Designing for deterrence
When formulating a security plan for your home, it is important not to neglect the exterior.
WA Office of Crime Prevention project manager Troy Daniels said strategic landscaping and planting could increase home security and supported natural surveillance.
“Natural surveillance, essentially, people’s ability to see around and about themselves, increases the likelihood that offenders will be seen by the householders or neighbours and reduces the likelihood that the location will be targeted as it will be perceived as being more risky, ” he said.
According to Sally Close, from Bunnings, potential hiding places for burglars could be eliminated by keeping plants well trimmed and installing outdoor sensor lights.
“Side gates and sheds should always be padlocked and fences should be strong and upright with no gaps, ” she said.
Nowhere to hide
Mr Daniels said another key was to limit opportunities for intruders to hide around a property.
“This means open space and garden beds with low vegetation or shrubbery no higher than 70cm, ” he said. “Tree branches should not fall less than 2.4m from the ground and trees should not be allowed to provide a natural ladder on to roofs or an upper storey.”
MP Landscape Designs director and landscaper Monica Palmer said it was important to eliminate dark corners.
“By using low-voltage garden lighting you can brighten up potential hiding spots, ” she said. “Also keep a clearing between the boundary of the property and the house, whether it be lawn or decking, and install sensor lighting to turn on when movement occurs in these areas.”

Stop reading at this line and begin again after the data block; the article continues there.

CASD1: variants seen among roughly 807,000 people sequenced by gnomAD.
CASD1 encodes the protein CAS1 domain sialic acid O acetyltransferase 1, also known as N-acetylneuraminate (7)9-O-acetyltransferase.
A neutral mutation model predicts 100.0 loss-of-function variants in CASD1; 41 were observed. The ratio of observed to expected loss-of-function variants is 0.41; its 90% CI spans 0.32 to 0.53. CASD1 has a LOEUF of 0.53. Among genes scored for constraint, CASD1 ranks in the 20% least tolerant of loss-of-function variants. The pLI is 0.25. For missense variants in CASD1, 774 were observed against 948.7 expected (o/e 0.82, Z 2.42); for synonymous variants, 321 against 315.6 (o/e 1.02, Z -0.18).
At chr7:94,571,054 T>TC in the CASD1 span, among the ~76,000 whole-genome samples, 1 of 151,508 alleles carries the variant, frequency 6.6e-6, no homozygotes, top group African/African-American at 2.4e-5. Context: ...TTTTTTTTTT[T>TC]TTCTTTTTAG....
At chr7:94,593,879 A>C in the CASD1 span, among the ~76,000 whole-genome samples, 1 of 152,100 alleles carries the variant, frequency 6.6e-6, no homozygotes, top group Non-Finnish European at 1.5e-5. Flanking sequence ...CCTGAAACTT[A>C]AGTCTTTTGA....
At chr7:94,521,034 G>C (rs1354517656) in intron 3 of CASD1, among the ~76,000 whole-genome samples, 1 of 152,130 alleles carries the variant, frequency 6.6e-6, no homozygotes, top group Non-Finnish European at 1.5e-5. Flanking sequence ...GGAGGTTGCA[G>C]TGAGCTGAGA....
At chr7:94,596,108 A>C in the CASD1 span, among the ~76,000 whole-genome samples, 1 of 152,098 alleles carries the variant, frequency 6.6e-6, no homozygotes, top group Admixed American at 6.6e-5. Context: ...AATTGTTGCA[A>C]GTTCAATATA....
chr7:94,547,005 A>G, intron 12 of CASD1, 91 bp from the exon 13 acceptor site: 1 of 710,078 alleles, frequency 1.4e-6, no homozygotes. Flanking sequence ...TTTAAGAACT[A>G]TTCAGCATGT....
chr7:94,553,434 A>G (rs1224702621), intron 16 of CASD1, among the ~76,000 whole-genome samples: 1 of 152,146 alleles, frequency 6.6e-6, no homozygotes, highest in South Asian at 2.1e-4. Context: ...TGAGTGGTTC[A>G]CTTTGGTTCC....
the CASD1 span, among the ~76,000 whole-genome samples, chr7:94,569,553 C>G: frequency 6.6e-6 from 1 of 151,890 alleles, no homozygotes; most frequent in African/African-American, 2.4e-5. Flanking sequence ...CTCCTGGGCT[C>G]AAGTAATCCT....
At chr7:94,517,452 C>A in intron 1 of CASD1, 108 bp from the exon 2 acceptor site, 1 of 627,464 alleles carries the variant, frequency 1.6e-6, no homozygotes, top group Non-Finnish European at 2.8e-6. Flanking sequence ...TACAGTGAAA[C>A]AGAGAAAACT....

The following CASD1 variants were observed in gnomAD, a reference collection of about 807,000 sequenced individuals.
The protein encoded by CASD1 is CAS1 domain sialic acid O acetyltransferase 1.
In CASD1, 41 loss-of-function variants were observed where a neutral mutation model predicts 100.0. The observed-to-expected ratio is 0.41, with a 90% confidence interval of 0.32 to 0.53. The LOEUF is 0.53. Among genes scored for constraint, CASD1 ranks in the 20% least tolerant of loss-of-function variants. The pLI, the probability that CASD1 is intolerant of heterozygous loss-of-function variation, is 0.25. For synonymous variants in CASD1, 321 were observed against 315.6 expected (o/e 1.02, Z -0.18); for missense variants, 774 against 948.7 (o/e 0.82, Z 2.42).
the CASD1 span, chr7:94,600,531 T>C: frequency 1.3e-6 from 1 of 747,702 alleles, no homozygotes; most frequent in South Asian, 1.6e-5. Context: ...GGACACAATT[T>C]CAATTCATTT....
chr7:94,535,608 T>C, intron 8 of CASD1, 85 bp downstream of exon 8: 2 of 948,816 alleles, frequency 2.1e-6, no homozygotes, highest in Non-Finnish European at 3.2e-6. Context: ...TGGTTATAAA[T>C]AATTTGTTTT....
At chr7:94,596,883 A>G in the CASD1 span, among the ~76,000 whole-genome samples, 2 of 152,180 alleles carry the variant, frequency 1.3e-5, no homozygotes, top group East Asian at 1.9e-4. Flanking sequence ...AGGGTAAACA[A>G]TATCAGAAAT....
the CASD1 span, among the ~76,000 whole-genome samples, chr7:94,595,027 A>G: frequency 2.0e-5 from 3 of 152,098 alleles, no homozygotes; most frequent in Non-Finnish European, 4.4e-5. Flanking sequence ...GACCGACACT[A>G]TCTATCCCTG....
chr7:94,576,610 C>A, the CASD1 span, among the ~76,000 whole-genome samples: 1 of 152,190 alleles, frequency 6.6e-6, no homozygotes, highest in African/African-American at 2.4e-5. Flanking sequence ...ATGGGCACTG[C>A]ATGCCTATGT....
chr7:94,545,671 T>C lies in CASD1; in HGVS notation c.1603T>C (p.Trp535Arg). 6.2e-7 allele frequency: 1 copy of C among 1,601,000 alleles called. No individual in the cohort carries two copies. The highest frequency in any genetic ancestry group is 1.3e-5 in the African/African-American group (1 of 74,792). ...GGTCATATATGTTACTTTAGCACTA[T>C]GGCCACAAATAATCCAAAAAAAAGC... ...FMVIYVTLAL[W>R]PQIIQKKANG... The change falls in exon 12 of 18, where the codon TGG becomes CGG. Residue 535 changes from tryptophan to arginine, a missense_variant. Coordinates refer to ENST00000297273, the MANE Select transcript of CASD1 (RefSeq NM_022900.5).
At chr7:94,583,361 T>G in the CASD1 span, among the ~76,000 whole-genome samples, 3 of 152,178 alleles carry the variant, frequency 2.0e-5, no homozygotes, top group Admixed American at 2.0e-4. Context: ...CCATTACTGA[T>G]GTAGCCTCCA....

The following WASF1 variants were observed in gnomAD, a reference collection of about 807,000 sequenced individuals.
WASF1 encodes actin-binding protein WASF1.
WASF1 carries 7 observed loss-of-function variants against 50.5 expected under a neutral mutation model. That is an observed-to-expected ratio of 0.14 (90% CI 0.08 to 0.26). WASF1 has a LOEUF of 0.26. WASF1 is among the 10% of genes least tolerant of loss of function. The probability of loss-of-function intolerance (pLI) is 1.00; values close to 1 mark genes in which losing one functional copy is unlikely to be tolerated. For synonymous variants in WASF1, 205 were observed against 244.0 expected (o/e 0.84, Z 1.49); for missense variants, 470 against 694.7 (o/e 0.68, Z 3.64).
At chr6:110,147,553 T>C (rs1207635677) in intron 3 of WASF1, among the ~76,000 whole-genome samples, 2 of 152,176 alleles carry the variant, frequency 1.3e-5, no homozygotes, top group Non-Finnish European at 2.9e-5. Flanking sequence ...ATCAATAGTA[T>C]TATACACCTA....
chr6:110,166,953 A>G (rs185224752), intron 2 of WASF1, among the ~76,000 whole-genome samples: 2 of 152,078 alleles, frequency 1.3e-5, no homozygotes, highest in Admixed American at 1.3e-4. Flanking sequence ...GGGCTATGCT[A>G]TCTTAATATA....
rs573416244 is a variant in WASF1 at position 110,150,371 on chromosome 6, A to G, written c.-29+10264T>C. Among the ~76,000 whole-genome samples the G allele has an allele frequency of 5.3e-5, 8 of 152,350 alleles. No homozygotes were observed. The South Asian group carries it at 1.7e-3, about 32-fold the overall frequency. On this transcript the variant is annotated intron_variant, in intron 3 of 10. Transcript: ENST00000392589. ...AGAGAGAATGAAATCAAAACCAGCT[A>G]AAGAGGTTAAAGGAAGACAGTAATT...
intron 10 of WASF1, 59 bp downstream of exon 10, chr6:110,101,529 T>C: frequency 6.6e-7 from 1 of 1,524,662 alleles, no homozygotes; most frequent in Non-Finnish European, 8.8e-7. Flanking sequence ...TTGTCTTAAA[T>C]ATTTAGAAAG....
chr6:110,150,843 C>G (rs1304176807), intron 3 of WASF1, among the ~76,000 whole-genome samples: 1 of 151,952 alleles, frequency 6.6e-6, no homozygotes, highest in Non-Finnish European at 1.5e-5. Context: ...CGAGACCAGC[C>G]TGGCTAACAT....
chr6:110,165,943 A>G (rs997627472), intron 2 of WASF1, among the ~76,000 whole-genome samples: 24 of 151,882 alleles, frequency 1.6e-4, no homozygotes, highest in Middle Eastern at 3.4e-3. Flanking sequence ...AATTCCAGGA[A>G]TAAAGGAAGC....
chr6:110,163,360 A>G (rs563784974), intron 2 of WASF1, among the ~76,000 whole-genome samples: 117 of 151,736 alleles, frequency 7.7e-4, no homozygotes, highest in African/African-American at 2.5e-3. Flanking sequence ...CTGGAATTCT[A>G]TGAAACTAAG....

Plants as prevention
Ms Palmer said ideal plants for deterring would-be intruders and screening unwanted views from the street included Magnolia Little Gem, Cottonwood (Hibiscus tiliaceus Rubra), Laurustinus (Viburnum tinus), lilly pillies, and James Stirling (Pittosporum James Stirling).
Ivy League Gardens director and landscape designer Janine Mendelow suggested plants with thorns, spikes, spines, sharp leaves or serrated edges on leaves. “These could include bougainvillea, stiff-leafed yuccas, date palms, cycads, agaves, roses, holly and tall cactuses with spikes, ” she said.
Gardens from Eden managing director Colin Barlow recommended planting the boundary or fence line with plants with spines, thorns or sharply pointed leaves that could cause an intruder considerable pain or injury. “Intruders are most likely to take the easy option and will bypass your property if there is an easier, less painful proposition nearby, ” he said.
Mr Barlow said Berberis thunbergii Atropurpurea was an attractive, deciduous shrub with sharp thorns along the stems and branches that could be trimmed to form a neat hedge.
“Phoenix palms such as the dwarf date palm Phoenix roebelenii, the date palm Phoenix dactylifera and the Phoenix canariensis have vicious spines at the leaf bases that can penetrate deeply into the skin and body and are impossible to get out if they break off without a trip to the hospital, ” he said.
“Yucca elephantipes is another good impenetrable barrier with sharp leaf tips that could cause considerable pain.”
Mr Daniels also recommended planting low hedges or other dense vegetation immediately in front of walls or windows to prevent access.
Ms Mendelow said it was wise to enhance the effectiveness of strategic planting by installing other security aids in your garden.
“You can install a water feature near your entrance that is linked to your security lights and as the sensor picks up anyone nearby, not only do the lights come on but the water feature is activated, ” she said.